1. I believe words have meaning.
2. Extortion: The practice of obtaining something, esp. money, through force or threats.
Taxation: The practice of obtaining money through threats, then force, kidnapping, caging, and seizure of funds.

Geo, if you don't think taxation is extortion, please cease to pay taxes. Observe the threats from the IRS, and the eventual assault, kidnapping, and caging that occurs. Then when they outright steal money from your bank account you can tell them, "But taxation isn't extortion!" as you are raped in prison. Enjoy!
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drafterman
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5/8/2013 3:02:30 PM
Posted: 3 years ago
At 5/8/2013 2:45:17 PM, Wallstreetatheist wrote:

The mere fact of having representation from the extortion does not make the extortion justified.

What would?
Wnope
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5/8/2013 7:30:59 PM
Posted: 3 years ago
At 5/8/2013 4:06:18 AM, Wallstreetatheist wrote:
Everyone including me has read this repeatedly for school. So I knew this would be bad, but I didn't know how bad until I went through it underlining everything negative and circling everything positive. Why the Cato institute publishes this, and why it is handed out at libertarian events completely escapes me.

I will omit things too minor to note. Asterisks rank importance.

Lets skip the declaration since its meh. Its way better than the constitution though. I'll just note that the consent of the governed stuff is good, but that a bunch of their complaints are retarded (like, the "you wont let us cross the appalachians and steal native american land" complaint and the "f*ck quebec" complaint).

Preamble: States the purpose of the constitution as establishing a "more perfect union", promoting the "general welfare" (vague and grants unlimited interpretation), and also "ordains" this constitution on the residents of the 13 states and their "posterity", which is not only bold but also very rude to the unborn masses.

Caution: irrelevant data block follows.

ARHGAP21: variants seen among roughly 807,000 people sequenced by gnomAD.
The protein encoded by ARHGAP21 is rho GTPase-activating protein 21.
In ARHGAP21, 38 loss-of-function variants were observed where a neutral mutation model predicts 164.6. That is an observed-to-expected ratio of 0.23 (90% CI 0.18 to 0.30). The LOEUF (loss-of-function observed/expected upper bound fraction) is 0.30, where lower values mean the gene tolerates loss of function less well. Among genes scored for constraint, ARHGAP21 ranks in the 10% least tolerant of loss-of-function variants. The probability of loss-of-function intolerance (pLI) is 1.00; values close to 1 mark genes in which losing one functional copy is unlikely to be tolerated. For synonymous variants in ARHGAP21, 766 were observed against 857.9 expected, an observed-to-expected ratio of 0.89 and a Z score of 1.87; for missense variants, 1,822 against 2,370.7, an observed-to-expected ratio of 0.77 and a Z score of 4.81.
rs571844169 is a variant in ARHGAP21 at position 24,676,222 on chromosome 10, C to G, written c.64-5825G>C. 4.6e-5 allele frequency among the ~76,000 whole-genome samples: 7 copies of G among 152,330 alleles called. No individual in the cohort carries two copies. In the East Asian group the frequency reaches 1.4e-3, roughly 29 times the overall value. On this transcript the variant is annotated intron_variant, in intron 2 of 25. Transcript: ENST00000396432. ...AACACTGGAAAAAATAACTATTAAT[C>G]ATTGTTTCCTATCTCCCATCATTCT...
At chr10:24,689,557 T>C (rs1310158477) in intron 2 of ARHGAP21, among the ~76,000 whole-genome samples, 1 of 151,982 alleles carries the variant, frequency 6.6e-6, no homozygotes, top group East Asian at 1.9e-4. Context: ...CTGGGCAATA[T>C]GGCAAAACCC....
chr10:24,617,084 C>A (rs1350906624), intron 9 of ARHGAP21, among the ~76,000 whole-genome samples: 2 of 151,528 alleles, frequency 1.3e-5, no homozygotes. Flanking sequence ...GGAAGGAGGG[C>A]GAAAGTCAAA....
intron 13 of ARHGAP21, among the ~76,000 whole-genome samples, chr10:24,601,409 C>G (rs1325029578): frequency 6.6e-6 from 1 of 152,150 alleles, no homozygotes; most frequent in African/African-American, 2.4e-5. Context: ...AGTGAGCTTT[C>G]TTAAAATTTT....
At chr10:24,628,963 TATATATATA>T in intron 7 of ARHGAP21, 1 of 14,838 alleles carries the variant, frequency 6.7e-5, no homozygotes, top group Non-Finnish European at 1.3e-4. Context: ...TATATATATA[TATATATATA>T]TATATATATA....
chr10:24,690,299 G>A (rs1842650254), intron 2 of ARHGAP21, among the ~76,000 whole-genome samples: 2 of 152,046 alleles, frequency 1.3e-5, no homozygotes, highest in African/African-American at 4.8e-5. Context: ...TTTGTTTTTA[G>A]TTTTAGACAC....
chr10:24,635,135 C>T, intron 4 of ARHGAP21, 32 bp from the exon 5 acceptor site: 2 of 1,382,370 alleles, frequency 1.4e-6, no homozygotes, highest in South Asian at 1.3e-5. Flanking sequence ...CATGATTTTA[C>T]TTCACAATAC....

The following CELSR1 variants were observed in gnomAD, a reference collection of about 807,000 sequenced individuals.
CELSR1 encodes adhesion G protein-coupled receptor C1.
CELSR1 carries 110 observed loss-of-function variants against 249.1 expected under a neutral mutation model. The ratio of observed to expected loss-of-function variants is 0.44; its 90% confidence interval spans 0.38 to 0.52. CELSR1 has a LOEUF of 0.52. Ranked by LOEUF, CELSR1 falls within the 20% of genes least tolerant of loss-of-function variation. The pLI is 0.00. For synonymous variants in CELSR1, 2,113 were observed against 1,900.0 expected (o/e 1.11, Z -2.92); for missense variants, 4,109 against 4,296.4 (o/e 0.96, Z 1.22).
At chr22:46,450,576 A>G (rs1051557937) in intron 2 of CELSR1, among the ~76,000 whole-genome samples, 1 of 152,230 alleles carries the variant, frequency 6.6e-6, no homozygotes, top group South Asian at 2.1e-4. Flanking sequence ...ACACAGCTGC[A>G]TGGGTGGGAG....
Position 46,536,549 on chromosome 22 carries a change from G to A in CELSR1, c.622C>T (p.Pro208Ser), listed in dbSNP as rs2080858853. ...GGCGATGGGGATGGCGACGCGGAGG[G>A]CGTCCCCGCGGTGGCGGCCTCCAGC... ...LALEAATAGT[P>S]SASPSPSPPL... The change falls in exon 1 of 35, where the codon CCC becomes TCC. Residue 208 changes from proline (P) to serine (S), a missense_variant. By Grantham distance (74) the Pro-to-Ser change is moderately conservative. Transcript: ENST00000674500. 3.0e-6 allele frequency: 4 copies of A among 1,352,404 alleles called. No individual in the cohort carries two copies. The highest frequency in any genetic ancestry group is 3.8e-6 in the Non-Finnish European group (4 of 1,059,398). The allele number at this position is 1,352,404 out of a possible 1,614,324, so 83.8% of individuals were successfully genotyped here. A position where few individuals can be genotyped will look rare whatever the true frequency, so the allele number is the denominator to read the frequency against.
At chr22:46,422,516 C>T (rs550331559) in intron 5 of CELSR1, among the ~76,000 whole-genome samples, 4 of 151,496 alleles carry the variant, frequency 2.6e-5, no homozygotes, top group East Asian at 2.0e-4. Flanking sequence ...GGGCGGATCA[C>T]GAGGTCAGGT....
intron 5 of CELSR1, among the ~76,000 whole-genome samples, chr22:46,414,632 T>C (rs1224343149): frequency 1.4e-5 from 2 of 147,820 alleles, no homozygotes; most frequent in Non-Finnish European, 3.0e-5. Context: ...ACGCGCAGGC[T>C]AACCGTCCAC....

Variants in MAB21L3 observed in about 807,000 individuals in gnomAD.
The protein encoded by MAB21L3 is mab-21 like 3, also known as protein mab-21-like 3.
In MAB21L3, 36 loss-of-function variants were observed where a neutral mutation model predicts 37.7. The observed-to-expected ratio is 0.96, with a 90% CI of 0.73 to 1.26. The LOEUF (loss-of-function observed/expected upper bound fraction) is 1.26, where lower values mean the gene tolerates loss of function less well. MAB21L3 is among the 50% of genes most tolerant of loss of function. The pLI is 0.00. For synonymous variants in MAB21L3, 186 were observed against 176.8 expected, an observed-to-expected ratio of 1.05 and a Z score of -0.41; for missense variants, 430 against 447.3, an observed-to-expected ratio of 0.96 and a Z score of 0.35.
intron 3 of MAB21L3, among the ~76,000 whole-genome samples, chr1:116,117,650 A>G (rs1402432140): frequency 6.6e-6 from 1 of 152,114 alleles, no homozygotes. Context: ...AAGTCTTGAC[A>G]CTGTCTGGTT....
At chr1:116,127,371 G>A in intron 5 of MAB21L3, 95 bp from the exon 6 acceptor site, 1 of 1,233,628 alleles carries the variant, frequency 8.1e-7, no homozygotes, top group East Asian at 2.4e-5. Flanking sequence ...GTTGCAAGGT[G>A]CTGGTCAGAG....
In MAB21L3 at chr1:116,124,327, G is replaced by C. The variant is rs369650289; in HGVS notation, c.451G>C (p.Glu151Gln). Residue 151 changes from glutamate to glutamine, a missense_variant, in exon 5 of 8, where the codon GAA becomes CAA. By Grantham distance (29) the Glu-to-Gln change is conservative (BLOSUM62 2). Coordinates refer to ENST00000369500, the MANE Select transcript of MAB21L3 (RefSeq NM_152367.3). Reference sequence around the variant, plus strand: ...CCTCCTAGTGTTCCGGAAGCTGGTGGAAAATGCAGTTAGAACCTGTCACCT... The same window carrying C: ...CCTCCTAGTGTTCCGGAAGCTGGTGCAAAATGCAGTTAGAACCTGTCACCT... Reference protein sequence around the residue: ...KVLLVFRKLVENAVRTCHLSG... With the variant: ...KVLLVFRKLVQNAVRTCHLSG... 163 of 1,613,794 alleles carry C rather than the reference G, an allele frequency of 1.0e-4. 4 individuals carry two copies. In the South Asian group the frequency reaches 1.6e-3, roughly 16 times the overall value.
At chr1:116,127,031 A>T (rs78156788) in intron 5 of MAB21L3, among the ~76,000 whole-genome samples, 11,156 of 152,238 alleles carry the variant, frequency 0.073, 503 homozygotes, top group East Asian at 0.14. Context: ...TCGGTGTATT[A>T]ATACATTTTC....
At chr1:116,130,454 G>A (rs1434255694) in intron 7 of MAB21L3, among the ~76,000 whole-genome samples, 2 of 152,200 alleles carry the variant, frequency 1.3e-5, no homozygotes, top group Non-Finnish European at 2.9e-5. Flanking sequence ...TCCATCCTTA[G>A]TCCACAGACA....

Article 1:
***Sec 1: establishes Congress as the firm which has a monopoly on law.

***Sec 2: decrees that direct federal taxation (theft) is aight.

**Sec 3: decrees that the head of state can only be tried via mechanisms internal to the firm: Ie Senate has a monopoly on legal practice of impeachment, and severely legally constrains the limits of what the Senate may do to an impeached President.

Sec 6: Senator and Representative salaries are set by law. They are also exempt from arrest during attendance in session, with the exceptions of Treason, Felony, and Breach of Peace.

****Sec 8: Grants Congress the power to tax, lay tariffs and excises for the purposes of "national defense" and "general welfare" (Grants Congress the power to steal money to do whateverthefuck they want). Grants Congress the power to borrow money, regulate commerce within the nation and with other nations, print money and establish it's value (ironically, it also monopolizes the punishment of counterfeiting), create post offices and roads, "promote the Progress of Science and useful Arts" via maintaining intellectual property laws (or "the exclusive right to discoveries" as the document says), declare war, grant letters of marque, raise and support armies and navies, call forth the militia to SUPPRESS INSURRECTIONS and repel invasions, to arm and organize said militia, to maintain a total legal monopoly over the Capital district, to build forts, magazines, arsenals, dockyards, and "other needful buildings" (any building). Monopolizes the legal definitions of naturalization, bankruptcy, piracy, and felony on the high seas. Permits congress to make all laws "necessary and proper" for carrying out all of the above and all of the below.